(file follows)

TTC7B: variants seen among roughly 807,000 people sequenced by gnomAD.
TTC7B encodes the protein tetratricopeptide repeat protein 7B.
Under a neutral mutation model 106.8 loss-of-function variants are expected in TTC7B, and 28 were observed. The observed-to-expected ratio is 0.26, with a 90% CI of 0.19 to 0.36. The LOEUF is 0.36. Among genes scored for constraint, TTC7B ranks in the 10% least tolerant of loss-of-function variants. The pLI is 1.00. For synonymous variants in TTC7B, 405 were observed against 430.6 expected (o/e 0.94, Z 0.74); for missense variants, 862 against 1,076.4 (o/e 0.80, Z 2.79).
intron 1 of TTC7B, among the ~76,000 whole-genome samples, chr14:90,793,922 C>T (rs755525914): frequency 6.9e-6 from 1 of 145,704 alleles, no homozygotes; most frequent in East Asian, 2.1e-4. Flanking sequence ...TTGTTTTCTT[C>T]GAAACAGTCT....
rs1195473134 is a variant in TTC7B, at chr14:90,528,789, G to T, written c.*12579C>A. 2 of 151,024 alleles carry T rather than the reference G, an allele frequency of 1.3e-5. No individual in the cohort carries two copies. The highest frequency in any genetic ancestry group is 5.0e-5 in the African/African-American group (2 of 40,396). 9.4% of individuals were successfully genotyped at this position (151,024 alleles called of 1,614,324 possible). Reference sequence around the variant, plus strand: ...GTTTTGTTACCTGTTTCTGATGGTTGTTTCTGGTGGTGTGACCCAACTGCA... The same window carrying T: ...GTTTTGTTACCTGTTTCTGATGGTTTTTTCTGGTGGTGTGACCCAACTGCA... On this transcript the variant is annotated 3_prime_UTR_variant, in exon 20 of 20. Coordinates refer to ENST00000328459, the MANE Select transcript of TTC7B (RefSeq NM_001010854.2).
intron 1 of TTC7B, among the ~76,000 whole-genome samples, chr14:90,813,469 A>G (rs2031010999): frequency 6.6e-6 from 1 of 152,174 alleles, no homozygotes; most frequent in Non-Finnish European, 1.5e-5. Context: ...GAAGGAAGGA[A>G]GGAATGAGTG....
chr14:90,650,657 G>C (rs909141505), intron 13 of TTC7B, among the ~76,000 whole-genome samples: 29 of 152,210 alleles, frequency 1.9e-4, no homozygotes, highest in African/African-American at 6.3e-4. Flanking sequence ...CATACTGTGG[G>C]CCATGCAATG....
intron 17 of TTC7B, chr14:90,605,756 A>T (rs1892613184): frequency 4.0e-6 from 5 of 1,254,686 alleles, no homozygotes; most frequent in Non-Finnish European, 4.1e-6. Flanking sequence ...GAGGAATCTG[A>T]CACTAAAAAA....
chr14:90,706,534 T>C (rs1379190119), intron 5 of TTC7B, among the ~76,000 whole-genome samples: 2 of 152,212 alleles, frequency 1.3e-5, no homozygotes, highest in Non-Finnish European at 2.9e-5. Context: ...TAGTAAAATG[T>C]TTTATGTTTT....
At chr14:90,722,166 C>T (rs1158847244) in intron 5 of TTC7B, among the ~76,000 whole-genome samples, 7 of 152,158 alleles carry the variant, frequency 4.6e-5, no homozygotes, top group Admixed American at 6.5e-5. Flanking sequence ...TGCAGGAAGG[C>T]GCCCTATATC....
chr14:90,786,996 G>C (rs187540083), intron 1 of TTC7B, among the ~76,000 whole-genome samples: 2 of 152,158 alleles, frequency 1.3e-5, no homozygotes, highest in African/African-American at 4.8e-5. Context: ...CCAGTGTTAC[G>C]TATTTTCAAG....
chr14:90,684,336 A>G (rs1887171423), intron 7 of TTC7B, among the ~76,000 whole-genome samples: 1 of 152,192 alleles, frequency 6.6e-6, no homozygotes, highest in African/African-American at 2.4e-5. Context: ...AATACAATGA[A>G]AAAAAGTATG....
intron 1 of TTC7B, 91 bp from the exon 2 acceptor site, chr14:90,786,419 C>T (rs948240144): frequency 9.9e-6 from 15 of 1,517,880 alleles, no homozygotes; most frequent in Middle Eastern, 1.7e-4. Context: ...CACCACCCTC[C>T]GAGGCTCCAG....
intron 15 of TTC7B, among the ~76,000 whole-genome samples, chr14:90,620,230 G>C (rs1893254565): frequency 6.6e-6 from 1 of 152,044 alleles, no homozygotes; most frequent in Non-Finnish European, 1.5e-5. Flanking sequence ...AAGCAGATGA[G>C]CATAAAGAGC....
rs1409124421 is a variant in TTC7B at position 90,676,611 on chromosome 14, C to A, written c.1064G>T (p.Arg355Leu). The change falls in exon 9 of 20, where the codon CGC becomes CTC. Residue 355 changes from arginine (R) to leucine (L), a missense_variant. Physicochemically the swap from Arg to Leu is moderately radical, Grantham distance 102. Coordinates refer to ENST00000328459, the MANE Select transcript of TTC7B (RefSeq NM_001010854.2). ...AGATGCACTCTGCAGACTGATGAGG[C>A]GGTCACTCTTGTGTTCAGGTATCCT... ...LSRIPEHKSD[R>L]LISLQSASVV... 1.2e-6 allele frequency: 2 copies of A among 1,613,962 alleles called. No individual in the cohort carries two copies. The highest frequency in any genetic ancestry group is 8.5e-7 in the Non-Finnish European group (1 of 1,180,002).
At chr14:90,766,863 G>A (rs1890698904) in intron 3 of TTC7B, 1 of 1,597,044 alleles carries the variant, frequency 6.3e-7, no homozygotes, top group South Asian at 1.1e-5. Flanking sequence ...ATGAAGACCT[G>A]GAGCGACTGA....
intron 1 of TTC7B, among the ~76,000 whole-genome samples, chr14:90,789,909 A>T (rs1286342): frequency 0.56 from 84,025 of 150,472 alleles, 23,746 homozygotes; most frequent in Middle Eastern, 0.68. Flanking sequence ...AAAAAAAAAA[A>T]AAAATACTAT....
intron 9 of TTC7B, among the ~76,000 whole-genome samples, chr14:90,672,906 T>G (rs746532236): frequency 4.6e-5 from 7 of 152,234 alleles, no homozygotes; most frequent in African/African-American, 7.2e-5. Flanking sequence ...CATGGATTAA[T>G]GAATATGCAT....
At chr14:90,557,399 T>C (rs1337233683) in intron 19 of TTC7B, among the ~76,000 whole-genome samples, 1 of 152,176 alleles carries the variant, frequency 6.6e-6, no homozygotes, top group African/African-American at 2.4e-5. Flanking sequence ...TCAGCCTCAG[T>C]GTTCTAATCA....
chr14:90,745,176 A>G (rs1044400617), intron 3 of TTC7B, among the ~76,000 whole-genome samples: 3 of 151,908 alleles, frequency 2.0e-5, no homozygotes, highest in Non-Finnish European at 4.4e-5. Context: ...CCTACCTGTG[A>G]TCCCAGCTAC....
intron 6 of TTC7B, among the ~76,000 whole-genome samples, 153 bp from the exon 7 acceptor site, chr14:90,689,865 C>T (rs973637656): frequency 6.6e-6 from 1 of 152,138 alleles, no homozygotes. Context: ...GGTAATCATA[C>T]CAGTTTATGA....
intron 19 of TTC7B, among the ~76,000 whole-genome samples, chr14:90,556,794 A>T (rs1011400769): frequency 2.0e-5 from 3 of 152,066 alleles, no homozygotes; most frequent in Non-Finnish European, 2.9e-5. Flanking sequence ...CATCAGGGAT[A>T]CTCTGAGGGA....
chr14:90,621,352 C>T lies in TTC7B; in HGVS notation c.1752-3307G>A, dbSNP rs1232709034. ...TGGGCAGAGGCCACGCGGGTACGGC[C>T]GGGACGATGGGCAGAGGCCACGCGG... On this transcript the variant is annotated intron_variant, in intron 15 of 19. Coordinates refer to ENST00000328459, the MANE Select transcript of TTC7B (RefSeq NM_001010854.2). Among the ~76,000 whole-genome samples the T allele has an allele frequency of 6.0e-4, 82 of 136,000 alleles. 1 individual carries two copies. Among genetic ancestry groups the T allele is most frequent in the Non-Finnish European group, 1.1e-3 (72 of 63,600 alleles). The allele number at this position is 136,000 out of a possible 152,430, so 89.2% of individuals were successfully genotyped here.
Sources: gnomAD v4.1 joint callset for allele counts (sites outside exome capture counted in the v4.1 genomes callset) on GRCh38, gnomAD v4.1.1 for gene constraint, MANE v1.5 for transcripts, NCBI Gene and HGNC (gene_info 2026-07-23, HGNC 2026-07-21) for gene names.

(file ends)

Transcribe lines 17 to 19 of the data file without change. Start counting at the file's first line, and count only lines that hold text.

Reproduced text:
intron 1 of TTC7B, among the ~76,000 whole-genome samples, chr14:90,789,909 A>T (rs1286342): frequency 0.56 from 84,025 of 150,472 alleles, 23,746 homozygotes; most frequent in Middle Eastern, 0.68. Flanking sequence ...AAAAAAAAAA[A>T]AAAATACTAT....
intron 9 of TTC7B, among the ~76,000 whole-genome samples, chr14:90,672,906 T>G (rs746532236): frequency 4.6e-5 from 7 of 152,234 alleles, no homozygotes; most frequent in African/African-American, 7.2e-5. Flanking sequence ...CATGGATTAA[T>G]GAATATGCAT....
At chr14:90,557,399 T>C (rs1337233683) in intron 19 of TTC7B, among the ~76,000 whole-genome samples, 1 of 152,176 alleles carries the variant, frequency 6.6e-6, no homozygotes, top group African/African-American at 2.4e-5. Flanking sequence ...TCAGCCTCAG[T>C]GTTCTAATCA....